Dawn Staley doesn’t mince words when she talks about her first season as women’s basketball coach at South Carolina in 2008-09.
Coming off a successful eight-season run at Temple, Staley inherited a program that hadn’t advanced to the NCAA tournament since the 2002-03 season. The Gamecocks had reached the Women’s National Invitation Tournament for three seasons in a row prior to Staley’s arrival, but the team hadn’t finished above .500 in the Southeastern Conference in that stretch.
That is how Staley embarked on her rebuilding plan. Her initial team at South Carolina won only 10 games and finished 2-12 (11th) in the 12-team SEC.
“The year you brought up (2008-09), those are memories I keep etched in my mind because it fuels me not to want to go back to those places,” Staley said. “I want those memories to help shape the future of our program.”
It took two more seasons for Staley to push South Carolina to .500 in the league and back to the postseason (WNIT). The program had its breakthrough in Staley’s tenure in 2011-12, when it went 25-10 and advanced to the Sweet 16 of the NCAA tournament for the first time in a decade. Another 25-victory season followed last season.
This season, South Carolina (20-2, 8-1 SEC) is soaring even higher. The Gamecocks are ranked No. 6 in this week’s The Associated Press poll. The ranking eclipses last week’s position (No. 7), which was its highest since Jan. 21, 2002. South Carolina’s best start in program history in the SEC has it leading the league.
“We are enjoying being at the top of the SEC,” said Staley, whose team will play Mississippi State (16-7, 3-6) at 7 p.m. Thursday at Humphrey Coliseum.
South Carolina has a balanced attack that leads the league in field goal shooting percentage (49.1 percent) and field goal percentage defense (34.3). MSU is 12th (41.3) and ninth (39.3) in those categories. The Gamecocks also boast three of the league’s top 21 scorers — sophomore guard Tiffany Mitchell (ninth in scoring at 15.5 ppg., third in FG percentage, 52.6 percent), junior forward Aleighsa Welch (16th at 13.4 ppg., first at 61.1), and freshman center Alaina Coates (21st at 12.3 ppg.).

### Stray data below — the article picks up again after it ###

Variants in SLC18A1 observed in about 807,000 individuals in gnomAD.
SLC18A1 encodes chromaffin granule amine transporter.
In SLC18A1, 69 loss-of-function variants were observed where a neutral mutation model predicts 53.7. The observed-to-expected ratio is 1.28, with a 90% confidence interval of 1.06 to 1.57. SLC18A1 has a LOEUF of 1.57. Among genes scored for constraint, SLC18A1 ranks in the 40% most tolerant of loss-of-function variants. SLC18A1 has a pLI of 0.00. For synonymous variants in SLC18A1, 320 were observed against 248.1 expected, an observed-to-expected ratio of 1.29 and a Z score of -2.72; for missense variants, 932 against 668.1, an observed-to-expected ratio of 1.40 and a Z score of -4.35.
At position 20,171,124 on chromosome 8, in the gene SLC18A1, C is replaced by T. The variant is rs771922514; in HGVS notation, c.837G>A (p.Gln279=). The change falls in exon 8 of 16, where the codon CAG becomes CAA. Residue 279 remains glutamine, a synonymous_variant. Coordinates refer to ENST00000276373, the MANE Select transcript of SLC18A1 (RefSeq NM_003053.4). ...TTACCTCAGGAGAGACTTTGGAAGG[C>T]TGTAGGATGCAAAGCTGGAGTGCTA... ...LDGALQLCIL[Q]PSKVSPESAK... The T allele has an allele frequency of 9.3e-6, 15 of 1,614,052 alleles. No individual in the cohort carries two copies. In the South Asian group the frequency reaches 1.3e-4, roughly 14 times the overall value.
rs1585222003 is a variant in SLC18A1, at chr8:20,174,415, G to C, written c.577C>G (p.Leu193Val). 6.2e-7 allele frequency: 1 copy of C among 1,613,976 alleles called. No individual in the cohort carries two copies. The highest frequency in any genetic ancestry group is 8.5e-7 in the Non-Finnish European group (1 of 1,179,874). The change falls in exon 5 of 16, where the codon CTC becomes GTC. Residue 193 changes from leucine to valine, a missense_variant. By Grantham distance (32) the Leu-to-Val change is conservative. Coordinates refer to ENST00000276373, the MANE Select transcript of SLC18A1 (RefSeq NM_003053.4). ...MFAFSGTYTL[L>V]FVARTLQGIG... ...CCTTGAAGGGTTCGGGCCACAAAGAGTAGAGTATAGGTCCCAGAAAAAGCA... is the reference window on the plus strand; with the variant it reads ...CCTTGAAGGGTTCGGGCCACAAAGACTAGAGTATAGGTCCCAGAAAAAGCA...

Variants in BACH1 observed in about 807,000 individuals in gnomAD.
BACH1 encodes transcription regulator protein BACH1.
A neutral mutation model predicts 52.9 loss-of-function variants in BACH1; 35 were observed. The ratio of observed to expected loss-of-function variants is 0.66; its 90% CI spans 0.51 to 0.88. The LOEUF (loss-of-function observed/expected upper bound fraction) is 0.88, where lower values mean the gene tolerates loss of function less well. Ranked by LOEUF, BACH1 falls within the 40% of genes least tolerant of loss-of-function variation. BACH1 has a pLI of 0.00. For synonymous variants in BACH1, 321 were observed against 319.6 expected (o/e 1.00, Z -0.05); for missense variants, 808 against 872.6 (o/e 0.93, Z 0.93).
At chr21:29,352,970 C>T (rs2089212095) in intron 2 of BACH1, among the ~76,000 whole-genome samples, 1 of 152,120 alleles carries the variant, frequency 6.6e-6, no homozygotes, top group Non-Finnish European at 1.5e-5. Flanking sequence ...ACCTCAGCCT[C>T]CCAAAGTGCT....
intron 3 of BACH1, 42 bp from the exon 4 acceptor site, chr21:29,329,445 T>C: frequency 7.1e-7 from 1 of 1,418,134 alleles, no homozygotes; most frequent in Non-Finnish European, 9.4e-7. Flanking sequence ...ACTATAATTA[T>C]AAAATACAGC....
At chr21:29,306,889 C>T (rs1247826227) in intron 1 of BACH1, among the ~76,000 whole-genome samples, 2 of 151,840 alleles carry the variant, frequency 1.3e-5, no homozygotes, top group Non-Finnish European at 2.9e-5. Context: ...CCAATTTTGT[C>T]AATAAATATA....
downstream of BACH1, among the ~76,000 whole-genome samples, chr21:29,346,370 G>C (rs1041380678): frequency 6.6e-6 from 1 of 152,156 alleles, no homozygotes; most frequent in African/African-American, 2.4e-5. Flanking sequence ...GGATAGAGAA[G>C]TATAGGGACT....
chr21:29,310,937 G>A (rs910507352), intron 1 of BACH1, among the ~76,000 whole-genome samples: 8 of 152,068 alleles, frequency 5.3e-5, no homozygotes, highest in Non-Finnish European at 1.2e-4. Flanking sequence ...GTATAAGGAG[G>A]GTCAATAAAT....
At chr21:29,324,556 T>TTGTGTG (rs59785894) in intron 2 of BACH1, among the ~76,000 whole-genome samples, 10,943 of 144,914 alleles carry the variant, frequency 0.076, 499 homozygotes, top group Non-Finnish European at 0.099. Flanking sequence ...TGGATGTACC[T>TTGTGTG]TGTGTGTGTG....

With seven players from the state of South Carolina, which is the most in her six seasons with the program, Staley has found the right formula to keep some of the best recruits at home. South Carolina could add to that haul. It is in the running for A’ja Wilson, a 6-foot-5 forward/center from Hopkins, S.C., the No. 1 recruit in the nation, according to Dan Olson, director of espnW’s HoopGurlz. Wilson could join Coates, a 6-4 player from Irmo, S.C., and Welch, a 6-footer from Goose Creek, S.C., to form one of the nation’s most imposing frontcourts.
To get to that point, Staley said she took a page from South Carolina football coach Steve Spurrier in building the women’s basketball program. She admits there were times when she wondered when the program’s fortunes were going to change, but she said Spurrier and his wife, Jerri, told her to be patient and that things would change as soon as she brought in players who believed in what she was doing. In six seasons, Staley, a three-time Olympic gold medalist (1996, 2000, 2004) has transformed the program into one of the SEC’s elite. This season, South Carolina is third in average home attendance (5,491) behind Tennessee (11,198) and Kentucky (7,076).